# Gaussian Integral Evaluation

The evaluation of the Gaussian integral $\displaystyle I = \int_{-\infty}^{+\infty} e^{-x^2} dx$ using the double integrals and the polar coordinates is presented.



## From Double Integrals in Rectangular Coordinates to Polar Coordinates

Changing a double integrals from rectangualr to polar coordinates is done as follows [1] $\iint_R f(x,y) \;dy \;dx = \int_{\theta_1}^{\theta_2} \int_{r_1(\theta)}^{r_2(\theta)} f(r,\theta) r \;dr \;d\theta \qquad (I)$ with the relationships between the rectangular coordinates $x$ and $y$; and the polar coordinates $r$ and $\theta$ given by [3]
$x = r \cos \theta$ , $y = r \sin \theta$ , $r^2 = x^2 + y^2$

## Evaluate the Gaussian Integral

The Gaussian integral is defined as follows $I = \int_{-\infty}^{+\infty} e^{-x^2} dx$ and we need to evaluate $I$.
We first note that the integrals $\displaystyle \int_{-\infty}^{+\infty} e^{-x^2} dx$ and $\displaystyle \int_{-\infty}^{+\infty} e^{-y^2} dy$ have equal values. We therefore may write that

$I^2 = \displaystyle \left(\int_{-\infty}^{+\infty} e^{-x^2} dx \right) \left(\int_{-\infty}^{+\infty} e^{-y^2} dy \right)$

The above may be written as a double integral as follows
$I^2 = \displaystyle \int_{-\infty}^{+\infty} \int_{-\infty}^{+\infty} e^{-(x^2+y^2)} \; dx \; dy$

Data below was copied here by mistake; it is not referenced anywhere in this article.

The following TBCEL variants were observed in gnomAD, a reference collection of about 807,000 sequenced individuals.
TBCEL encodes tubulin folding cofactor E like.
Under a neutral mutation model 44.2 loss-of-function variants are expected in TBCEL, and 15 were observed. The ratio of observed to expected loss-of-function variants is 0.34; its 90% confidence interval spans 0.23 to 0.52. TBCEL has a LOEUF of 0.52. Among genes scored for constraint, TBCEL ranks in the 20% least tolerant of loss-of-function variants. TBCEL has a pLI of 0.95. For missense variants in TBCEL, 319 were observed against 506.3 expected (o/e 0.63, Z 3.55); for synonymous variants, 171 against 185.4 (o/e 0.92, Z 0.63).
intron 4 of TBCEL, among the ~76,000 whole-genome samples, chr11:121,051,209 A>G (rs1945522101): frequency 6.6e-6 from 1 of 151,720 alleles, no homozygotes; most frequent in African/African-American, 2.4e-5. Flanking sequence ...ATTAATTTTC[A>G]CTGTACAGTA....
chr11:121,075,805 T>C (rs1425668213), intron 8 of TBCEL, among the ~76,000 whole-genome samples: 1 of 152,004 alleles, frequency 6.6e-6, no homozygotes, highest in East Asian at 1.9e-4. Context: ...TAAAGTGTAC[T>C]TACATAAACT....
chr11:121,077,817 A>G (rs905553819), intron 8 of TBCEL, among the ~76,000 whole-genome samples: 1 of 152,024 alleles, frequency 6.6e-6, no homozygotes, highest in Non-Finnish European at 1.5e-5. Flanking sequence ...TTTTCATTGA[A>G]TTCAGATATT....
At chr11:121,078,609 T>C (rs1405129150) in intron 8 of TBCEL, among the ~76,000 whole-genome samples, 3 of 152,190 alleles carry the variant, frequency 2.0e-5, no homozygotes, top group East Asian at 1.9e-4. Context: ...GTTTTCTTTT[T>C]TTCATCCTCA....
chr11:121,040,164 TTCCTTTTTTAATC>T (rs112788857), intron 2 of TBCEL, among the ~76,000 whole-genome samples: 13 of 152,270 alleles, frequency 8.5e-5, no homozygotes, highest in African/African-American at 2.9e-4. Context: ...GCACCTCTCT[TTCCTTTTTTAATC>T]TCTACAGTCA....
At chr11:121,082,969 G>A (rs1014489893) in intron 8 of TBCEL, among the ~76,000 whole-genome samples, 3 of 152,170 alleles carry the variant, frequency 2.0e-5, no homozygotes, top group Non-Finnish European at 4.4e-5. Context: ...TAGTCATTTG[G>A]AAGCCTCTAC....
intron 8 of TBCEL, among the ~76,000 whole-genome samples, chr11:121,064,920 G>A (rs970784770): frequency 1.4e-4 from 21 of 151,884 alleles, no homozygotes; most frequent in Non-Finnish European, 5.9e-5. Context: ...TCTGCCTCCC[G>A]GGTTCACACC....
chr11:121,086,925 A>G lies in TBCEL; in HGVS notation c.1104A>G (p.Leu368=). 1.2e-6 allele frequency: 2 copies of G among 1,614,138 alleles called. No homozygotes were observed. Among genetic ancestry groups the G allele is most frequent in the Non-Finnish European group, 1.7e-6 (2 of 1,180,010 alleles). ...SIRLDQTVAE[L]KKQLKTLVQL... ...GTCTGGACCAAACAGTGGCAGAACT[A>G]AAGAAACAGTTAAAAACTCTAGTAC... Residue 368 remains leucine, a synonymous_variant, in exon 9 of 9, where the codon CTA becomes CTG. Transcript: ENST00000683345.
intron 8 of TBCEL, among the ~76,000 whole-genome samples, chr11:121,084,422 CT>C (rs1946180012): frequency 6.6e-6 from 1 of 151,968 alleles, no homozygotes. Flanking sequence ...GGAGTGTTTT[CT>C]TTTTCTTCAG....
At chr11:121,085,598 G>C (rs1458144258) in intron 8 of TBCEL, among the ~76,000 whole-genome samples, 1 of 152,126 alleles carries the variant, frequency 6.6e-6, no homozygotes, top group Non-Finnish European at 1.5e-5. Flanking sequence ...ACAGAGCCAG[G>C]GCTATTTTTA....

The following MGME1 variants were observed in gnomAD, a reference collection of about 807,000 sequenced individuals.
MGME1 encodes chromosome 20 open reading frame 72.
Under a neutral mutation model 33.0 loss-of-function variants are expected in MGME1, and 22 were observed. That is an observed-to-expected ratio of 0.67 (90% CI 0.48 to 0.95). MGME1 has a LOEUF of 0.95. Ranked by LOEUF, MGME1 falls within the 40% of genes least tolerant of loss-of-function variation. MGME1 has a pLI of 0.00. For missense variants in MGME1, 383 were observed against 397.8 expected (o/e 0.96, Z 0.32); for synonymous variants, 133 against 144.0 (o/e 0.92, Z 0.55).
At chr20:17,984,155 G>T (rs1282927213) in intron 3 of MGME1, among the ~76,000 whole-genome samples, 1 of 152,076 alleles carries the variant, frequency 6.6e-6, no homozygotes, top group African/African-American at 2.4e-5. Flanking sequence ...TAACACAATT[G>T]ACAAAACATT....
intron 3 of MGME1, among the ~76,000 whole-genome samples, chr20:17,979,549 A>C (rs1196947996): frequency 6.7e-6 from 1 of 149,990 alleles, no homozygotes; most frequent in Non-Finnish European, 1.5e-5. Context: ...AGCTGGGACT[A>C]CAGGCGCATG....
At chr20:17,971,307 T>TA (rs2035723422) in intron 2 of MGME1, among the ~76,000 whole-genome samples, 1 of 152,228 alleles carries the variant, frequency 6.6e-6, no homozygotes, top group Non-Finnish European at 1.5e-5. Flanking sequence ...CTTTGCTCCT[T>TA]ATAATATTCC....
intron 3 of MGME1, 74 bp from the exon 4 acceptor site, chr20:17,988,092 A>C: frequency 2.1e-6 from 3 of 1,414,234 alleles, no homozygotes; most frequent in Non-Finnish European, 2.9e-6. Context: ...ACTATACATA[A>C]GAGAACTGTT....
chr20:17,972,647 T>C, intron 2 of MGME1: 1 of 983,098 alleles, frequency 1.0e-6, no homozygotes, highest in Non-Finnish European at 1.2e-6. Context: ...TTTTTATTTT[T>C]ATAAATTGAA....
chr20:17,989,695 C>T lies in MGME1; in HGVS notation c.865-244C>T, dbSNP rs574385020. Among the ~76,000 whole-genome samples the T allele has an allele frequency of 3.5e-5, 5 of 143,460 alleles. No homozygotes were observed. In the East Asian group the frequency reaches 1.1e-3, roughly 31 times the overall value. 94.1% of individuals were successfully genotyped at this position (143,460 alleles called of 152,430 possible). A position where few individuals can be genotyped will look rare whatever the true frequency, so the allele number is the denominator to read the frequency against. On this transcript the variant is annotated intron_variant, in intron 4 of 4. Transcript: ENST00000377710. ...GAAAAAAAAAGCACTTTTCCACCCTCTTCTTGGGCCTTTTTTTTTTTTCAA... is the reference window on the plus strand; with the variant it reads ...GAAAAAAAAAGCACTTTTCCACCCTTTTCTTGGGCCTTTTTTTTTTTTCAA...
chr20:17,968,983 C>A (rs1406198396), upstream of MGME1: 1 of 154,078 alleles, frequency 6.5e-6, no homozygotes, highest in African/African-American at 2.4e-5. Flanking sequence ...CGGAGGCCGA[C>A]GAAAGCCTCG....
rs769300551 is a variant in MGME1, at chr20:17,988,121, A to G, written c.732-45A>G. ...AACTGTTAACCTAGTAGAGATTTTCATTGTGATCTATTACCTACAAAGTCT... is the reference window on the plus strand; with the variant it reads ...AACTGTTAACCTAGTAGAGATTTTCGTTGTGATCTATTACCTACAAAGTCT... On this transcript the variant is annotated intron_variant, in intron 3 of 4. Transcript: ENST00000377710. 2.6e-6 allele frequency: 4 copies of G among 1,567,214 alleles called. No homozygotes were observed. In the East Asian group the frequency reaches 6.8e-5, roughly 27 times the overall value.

Let $x = r \cos \theta$ , $y = r \sin \theta$ , $r^2 = x^2 + y^2$ be the relationships between the rectangular and polar coordinates and use the change of integral from rectangular to polar coordinates (I) given above.
$I^2 = \displaystyle \int_{-\infty}^{+\infty} \int_{-\infty}^{+\infty} e^{-(x^2+y^2)} \; dx \; dy = \int_{0}^{2\pi} \int_{0}^{\infty} e^{-r^2} r \;dr \;d\theta$

Note that $\displaystyle \int_{0}^{\infty} e^{-r^2} r \;dr = -(1/2) e^{-r^2}$, which gives

$I^2 = \displaystyle \int_{0}^{2\pi} \left[-(1/2) e^{-r^2}\right]_0^{\infty} \;d\theta$
which may be written as
$I^2 = \displaystyle \int_{0}^{2\pi} (-1/2) \left[e^{-\infty}-e^0 \right] \;d\theta$

Note that using limits, $e^{-\infty} = \lim_{a\to\infty} e^{-a} = 0$, we now evaluate
$I^2 = \displaystyle \int_{0}^{2\pi} \dfrac{1}{2} \;d\theta$

Evaluate the above integral
$I^2 = \dfrac{1}{2} \left[\theta\right]_0^{2\pi}$
$= \dfrac{1}{2} \left[2\pi - 0 \right]$
$= \pi$

So far we have calculated $I^2 = \pi$ and therefore taking the square root, we have $I = \int_{-\infty}^{+\infty} e^{-x^2} dx = \sqrt {\pi}$